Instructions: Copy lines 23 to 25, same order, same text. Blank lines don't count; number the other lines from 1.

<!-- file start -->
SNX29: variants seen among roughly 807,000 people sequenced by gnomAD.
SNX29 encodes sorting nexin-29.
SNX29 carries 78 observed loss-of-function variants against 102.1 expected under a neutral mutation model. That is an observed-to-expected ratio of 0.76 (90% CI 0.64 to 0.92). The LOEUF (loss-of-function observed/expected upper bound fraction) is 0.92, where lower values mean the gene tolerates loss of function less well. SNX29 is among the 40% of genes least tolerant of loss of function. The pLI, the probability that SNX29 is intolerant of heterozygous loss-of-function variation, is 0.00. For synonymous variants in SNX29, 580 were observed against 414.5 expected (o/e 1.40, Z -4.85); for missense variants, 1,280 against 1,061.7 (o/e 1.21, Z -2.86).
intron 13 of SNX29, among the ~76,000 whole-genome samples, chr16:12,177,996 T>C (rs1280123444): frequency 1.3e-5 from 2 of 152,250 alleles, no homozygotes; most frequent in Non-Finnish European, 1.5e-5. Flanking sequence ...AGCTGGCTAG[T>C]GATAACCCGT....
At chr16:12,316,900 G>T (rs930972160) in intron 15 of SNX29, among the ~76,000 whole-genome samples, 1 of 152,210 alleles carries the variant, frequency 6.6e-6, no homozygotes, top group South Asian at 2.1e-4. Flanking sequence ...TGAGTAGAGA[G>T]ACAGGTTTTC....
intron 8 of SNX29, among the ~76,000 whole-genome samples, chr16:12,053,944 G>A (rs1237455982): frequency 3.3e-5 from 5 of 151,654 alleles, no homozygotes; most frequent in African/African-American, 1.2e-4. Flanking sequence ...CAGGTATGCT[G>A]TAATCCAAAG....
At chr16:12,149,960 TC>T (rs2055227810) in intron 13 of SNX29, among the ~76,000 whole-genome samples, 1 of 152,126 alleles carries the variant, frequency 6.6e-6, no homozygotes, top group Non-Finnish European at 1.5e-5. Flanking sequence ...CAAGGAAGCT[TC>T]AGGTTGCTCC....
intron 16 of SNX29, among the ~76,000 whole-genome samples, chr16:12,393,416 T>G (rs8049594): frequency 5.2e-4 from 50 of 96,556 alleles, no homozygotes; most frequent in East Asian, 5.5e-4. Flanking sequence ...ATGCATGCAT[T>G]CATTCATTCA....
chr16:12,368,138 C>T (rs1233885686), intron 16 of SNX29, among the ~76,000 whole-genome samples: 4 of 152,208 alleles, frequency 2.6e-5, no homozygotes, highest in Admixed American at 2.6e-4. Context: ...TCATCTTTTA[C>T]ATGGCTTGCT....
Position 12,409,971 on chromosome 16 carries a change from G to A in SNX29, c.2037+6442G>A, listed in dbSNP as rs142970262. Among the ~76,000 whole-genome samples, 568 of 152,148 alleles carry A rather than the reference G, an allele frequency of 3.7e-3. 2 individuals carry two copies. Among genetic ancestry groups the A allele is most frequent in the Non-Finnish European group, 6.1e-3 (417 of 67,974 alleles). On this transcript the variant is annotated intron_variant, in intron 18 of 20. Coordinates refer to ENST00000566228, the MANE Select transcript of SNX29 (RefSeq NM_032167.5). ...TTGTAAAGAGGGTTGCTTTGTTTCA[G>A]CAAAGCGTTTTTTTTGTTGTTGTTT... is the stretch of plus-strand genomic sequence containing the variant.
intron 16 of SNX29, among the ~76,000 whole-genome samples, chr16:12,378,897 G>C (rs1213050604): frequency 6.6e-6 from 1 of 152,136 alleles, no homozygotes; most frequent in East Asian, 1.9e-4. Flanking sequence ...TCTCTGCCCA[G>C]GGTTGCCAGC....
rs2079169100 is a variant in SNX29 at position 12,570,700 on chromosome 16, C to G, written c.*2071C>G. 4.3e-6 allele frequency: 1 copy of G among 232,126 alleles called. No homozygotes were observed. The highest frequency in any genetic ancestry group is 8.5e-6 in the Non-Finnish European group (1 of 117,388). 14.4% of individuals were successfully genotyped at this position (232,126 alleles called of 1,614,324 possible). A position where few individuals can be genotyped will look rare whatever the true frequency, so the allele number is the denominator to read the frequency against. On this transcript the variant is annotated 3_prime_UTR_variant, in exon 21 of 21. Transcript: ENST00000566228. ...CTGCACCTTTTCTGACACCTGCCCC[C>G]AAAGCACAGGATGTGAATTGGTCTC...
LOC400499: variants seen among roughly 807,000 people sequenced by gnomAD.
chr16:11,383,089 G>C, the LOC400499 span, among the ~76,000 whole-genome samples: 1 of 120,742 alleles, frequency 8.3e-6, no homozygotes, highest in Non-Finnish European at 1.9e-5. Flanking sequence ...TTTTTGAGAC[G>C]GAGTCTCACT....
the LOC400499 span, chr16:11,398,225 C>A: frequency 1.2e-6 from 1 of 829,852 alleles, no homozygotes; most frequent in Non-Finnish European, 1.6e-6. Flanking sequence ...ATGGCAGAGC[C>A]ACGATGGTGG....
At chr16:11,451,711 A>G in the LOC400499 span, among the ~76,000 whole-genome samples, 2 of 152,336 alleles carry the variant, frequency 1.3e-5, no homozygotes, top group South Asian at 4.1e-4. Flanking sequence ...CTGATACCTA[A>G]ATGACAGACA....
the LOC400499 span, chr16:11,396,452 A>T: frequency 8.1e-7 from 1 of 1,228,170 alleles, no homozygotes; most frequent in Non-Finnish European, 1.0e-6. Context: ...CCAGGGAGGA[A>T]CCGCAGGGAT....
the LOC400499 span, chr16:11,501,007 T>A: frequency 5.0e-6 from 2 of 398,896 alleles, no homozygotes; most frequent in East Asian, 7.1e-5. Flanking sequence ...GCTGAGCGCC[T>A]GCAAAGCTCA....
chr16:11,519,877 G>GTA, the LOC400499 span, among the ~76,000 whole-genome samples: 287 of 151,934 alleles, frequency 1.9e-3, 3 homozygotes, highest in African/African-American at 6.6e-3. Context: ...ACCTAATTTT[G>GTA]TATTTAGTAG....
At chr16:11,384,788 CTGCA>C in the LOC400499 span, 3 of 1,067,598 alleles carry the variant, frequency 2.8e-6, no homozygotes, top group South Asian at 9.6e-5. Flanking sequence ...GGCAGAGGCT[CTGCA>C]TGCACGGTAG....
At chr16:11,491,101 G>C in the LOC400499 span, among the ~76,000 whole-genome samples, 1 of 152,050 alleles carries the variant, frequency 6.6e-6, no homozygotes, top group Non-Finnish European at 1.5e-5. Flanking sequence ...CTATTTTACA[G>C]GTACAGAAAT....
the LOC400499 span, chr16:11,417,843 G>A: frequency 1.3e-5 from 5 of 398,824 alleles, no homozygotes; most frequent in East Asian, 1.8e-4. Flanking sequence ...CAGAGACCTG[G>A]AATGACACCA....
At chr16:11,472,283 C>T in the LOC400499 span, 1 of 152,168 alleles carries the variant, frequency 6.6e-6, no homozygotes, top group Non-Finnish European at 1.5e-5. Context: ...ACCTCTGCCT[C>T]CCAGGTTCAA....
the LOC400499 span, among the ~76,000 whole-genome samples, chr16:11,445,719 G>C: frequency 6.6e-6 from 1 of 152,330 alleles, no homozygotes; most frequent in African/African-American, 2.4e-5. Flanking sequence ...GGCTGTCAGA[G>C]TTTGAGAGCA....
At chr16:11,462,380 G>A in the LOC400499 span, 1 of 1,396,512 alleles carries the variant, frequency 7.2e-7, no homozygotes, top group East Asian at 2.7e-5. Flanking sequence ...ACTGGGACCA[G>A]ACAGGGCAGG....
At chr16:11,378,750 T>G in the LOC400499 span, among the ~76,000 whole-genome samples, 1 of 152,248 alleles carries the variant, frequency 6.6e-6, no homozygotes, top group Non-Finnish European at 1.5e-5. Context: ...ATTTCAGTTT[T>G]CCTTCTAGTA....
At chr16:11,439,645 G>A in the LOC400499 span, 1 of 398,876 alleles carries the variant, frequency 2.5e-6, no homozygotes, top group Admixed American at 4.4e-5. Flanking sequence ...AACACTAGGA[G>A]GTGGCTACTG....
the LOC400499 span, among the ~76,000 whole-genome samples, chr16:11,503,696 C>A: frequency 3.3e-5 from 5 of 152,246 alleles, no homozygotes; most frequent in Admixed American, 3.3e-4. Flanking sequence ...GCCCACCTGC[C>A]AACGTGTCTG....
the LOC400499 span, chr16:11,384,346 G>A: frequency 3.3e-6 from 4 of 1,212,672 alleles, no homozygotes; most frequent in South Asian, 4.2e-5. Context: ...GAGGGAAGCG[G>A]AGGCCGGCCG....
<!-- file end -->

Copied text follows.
At chr16:11,472,283 C>T in the LOC400499 span, 1 of 152,168 alleles carries the variant, frequency 6.6e-6, no homozygotes, top group Non-Finnish European at 1.5e-5. Context: ...ACCTCTGCCT[C>T]CCAGGTTCAA....
the LOC400499 span, among the ~76,000 whole-genome samples, chr16:11,445,719 G>C: frequency 6.6e-6 from 1 of 152,330 alleles, no homozygotes; most frequent in African/African-American, 2.4e-5. Flanking sequence ...GGCTGTCAGA[G>C]TTTGAGAGCA....
At chr16:11,462,380 G>A in the LOC400499 span, 1 of 1,396,512 alleles carries the variant, frequency 7.2e-7, no homozygotes, top group East Asian at 2.7e-5. Flanking sequence ...ACTGGGACCA[G>A]ACAGGGCAGG....